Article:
How to stay safe on Bonfire Night and what to do if someone is injured by a firework

Bonfire Night is upon us once more.

The colourful night's sky, big coats and scarfs, and the smell of toffee apples next to the bonfire will officially mark the start of cosy season.

But, while it's great to gather with friends and family, sometimes the centuries old tradition can turn ugly and people can get hurt because they didn't take proper safety precautions.

So, here are some top tips to ensure that everyone stays safe at home, or at an organised fireworks display.

Credit: PA

How to keep safe around fireworks

It is recommended that you avoid fireworks at home, however, if you do put on your own display, the fire service ask people to make sure that you stick to the Fireworks Code:

  • Buy fireworks marked CE

  • Ideally attend an organised display

  • Fireworks must not be sold to any person under the age of 18

  • Keep fireworks in a closed metal box and use them one at a time

  • Read and follow the instructions on each firework

  • Light the fireworks at arm’s length with a taper and stand well back

  • Keep naked flames, including cigarettes, away from fireworks

  • Never return to a firework once it has been lit

  • Never put fireworks in your pocket

  • Never throw fireworks

  • Light sparklers one at a time and wear gloves

  • Keep a bucket of water nearby at all times

  • Alcohol and fireworks do not mix and may lead to injury

  • Keep pets indoor.

Credit: PA

Other Bonfire safety tips:

  • Buy fireworks from a licensed retailer

  • Always supervise children around fireworks

  • Never give sparklers to a child under the age of 5

  • Prepare for the party in advance, and in daylight. On the night you will need a torch, a bucket of water, eye protection and gloves, a bucket of soft earth to put fireworks in and suitable supports and launchers if you're setting off Catherine wheels or rockets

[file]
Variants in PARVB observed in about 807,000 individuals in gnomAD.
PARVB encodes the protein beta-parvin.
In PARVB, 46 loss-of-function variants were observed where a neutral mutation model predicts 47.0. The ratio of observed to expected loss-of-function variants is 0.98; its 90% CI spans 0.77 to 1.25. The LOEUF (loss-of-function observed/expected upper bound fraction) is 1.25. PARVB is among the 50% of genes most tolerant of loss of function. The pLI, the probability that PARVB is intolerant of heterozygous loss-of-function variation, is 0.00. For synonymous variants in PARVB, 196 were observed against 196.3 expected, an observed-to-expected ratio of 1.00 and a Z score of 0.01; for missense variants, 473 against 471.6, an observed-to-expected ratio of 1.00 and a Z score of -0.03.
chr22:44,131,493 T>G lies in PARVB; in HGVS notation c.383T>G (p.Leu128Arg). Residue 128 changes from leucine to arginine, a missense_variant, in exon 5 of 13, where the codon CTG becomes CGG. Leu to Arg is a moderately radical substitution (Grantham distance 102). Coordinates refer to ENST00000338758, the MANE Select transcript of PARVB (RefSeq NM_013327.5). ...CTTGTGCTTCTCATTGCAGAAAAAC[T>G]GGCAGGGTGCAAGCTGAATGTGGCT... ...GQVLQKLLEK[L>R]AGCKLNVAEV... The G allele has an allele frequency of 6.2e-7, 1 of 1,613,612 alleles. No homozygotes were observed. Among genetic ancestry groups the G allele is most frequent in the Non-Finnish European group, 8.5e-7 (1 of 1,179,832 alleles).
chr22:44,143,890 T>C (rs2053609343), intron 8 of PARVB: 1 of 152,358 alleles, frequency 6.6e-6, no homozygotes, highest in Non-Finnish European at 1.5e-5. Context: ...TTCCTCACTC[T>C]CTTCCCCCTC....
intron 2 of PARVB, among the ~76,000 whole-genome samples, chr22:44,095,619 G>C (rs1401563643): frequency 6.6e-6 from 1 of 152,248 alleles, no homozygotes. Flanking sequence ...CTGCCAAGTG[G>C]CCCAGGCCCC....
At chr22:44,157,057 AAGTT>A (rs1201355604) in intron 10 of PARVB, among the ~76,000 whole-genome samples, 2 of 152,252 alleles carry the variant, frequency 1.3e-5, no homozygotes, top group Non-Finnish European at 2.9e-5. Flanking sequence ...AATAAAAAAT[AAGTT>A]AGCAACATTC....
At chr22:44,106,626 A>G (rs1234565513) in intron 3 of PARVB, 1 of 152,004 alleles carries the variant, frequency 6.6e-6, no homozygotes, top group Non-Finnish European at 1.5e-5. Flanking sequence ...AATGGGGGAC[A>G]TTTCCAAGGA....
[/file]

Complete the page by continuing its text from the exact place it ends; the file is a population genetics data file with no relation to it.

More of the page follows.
• Leave the lighting of fireworks to responsible adults only

GMFRS runs a fireworks amnesty during the Bonfire period by allowing members of the public to dispose of fireworks safely. Contact GMFRS on 0800 555 815 to have them safely collected.

What do I do if someone has been burned or scalded from a firework?

Burns are the most common injury at fireworks displays. All types of fireworks pose a serious risk of causing injury. According to the NHS, if someone has a burn or scald:

  • Move the person away from the heat source

  • Place the burn or scald under lukewarm water for at least 20 minutes. Do not use ice, iced water, or any creams or greasy substances like butter.

  • Remove any clothing or jewellery that's near the burnt area of skin, including babies' nappies, but do not move anything that's stuck to the skin

  • Make sure the person keeps warm by using a blanket, for example, but take care not to rub it against the burnt area.

  • Cover the burn by placing a layer of cling film over it – a clean plastic bag could also be used for burns on your hand

  • If the face or eyes are burnt, sit up as much as possible, rather than lying down – this helps to reduce swelling

  • Monitor and treat for shock if necessary

  • If the burn is: to a child; larger than your hand; on the face, hands, or feet; or is a deep burn, arrange a trip to hospital or call 999